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Automated Canary Release of TensorFlow Models on Kubernetes

Learn how to perform safe, automated, and statistically robust canary release of TensorFlow models on Kubernetes.

Photo by Raquel Martínez on Unsplash

Table of contents

  1. When should you perform canary release of ML models?
  2. Safe, automated, and statistically robust canary release of TensorFlow models on Kubernetes.
  3. Enhance the canary release experiment.
  4. References.

When should you perform canary release of ML models?

Canary release is a technique for safely introducing a new version of your software in a production environment. You expose the new version to a small portion of user traffic to begin with, ensure that it satisfies various criteria that you specify, progressively expose the new version to a larger fraction of the traffic, and finally replace the current version with the new version once you are confident that the new version behaves well.

In the context of ML models in production, it is good practice to perform canary rollouts whenever you create a new model (candidate) to replace the current model (baseline) deployed in production. Perhaps, you observed that the accuracy of your baseline model has degraded over time due to concept drift and have created a more accurate model; you want to replace the baseline with the candidate after ensuring that key performance indicators (KPIs) (such as prediction serving latency) for the candidate are within acceptable limits in production. Automated canary release can help you accomplish this goal in a safe, robust, confident, and repeatable manner.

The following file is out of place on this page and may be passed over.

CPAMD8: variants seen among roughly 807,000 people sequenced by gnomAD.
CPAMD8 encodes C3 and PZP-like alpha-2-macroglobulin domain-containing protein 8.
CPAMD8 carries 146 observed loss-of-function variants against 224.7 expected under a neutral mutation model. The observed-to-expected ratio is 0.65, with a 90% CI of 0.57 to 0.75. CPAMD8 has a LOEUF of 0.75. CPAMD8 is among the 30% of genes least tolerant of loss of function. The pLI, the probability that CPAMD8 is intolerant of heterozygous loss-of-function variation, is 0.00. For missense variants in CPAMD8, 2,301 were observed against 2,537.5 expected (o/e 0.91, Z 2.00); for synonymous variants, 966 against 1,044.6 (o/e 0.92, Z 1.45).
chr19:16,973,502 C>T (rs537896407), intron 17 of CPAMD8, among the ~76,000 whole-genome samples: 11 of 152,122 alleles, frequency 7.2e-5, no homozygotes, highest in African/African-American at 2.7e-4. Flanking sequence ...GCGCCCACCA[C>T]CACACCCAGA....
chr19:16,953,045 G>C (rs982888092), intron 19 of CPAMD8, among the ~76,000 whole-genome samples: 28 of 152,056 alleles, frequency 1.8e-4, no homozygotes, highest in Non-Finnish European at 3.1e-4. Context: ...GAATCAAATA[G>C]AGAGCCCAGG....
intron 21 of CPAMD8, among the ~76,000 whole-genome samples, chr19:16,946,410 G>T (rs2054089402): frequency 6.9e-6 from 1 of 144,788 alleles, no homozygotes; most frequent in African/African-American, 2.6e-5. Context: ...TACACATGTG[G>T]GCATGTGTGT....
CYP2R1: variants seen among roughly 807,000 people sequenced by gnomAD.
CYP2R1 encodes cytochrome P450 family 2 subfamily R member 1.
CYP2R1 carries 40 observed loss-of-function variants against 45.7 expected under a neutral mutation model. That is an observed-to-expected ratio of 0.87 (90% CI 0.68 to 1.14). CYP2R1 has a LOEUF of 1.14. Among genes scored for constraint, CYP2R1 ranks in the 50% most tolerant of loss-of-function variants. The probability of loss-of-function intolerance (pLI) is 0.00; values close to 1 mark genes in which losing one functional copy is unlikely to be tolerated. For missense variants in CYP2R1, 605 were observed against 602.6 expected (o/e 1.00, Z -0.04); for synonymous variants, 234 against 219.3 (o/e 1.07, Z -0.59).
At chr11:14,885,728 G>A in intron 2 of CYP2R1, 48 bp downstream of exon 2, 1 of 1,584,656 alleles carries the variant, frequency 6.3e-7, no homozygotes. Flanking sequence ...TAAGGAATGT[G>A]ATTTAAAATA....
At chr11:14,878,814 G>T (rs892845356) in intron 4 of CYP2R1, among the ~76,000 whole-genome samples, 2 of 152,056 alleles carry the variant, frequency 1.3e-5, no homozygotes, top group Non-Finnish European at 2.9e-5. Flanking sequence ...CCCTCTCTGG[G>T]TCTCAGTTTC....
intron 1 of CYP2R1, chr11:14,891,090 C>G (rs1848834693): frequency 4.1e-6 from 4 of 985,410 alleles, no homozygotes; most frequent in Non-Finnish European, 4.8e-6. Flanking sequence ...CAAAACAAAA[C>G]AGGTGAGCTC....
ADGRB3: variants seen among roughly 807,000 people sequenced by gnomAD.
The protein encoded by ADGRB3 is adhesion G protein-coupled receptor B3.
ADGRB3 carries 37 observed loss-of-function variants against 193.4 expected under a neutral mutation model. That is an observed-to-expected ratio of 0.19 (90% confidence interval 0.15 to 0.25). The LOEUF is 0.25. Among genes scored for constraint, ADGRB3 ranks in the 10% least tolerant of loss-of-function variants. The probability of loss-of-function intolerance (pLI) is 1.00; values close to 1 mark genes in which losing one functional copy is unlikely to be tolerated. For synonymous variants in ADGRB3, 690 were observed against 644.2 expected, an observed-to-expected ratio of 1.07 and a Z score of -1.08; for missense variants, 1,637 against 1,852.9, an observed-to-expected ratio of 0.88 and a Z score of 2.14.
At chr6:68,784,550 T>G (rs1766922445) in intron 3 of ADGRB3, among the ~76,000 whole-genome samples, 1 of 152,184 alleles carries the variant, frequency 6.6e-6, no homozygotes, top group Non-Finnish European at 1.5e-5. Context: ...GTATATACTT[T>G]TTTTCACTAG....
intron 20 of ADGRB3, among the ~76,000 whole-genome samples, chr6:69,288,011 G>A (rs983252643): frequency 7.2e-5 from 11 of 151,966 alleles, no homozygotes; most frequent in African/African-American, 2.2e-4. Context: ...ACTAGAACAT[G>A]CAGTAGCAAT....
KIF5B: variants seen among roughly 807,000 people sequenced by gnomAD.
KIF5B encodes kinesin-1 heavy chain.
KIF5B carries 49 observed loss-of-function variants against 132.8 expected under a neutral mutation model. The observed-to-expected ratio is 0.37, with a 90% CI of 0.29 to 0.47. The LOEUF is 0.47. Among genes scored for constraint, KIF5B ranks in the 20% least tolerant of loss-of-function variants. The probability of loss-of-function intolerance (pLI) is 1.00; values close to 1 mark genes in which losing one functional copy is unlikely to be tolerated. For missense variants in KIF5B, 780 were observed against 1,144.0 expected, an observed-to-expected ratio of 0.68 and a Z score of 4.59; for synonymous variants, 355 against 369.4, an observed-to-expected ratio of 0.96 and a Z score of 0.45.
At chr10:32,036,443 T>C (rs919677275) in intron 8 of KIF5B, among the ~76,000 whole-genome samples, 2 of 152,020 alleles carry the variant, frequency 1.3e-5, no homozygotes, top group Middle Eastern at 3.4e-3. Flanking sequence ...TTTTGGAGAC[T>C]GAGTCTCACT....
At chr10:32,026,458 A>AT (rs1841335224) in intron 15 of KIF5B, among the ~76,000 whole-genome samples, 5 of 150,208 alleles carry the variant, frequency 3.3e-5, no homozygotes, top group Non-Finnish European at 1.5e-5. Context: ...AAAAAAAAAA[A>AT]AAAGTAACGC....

In this article, we will perform an automated canary release of a TensorFlow model on Kubernetes. The scenario we will exercise is as follows.

Figure 1: All traffic flows to the baseline at the start of the canary release experiment. #1 Assuming the candidate satisfies the criteria you specify, increasingly more traffic will flow to the candidate during the experiment, and the candidate will replace the baseline after the experiment. #2 If the candidate fails to satisfy the criteria you specify, it will receive only a small fraction of traffic during the experiment, and the baseline will be retained after the experiment. Our scenario will exercise case #1.

Safe, automated, and statistically robust canary release of TensorFlow models on Kubernetes.

The scenario we will exercise involves five steps. The first three steps mimic a production Kubernetes cluster running the baseline model. The last two steps show how to create a canary release experiment and deploy the candidate.

  • Step 1: Setup Kubernetes with Istio, Prometheus, and iter8.
  • Step 2: Deploy baseline model and externalize it.
  • Step 3: Send traffic (prediction requests).
  • Step 4: Create canary release experiment.
  • Step 5: Deploy candidate model.

Step 1: Setup Kubernetes with Istio, Prometheus, and iter8.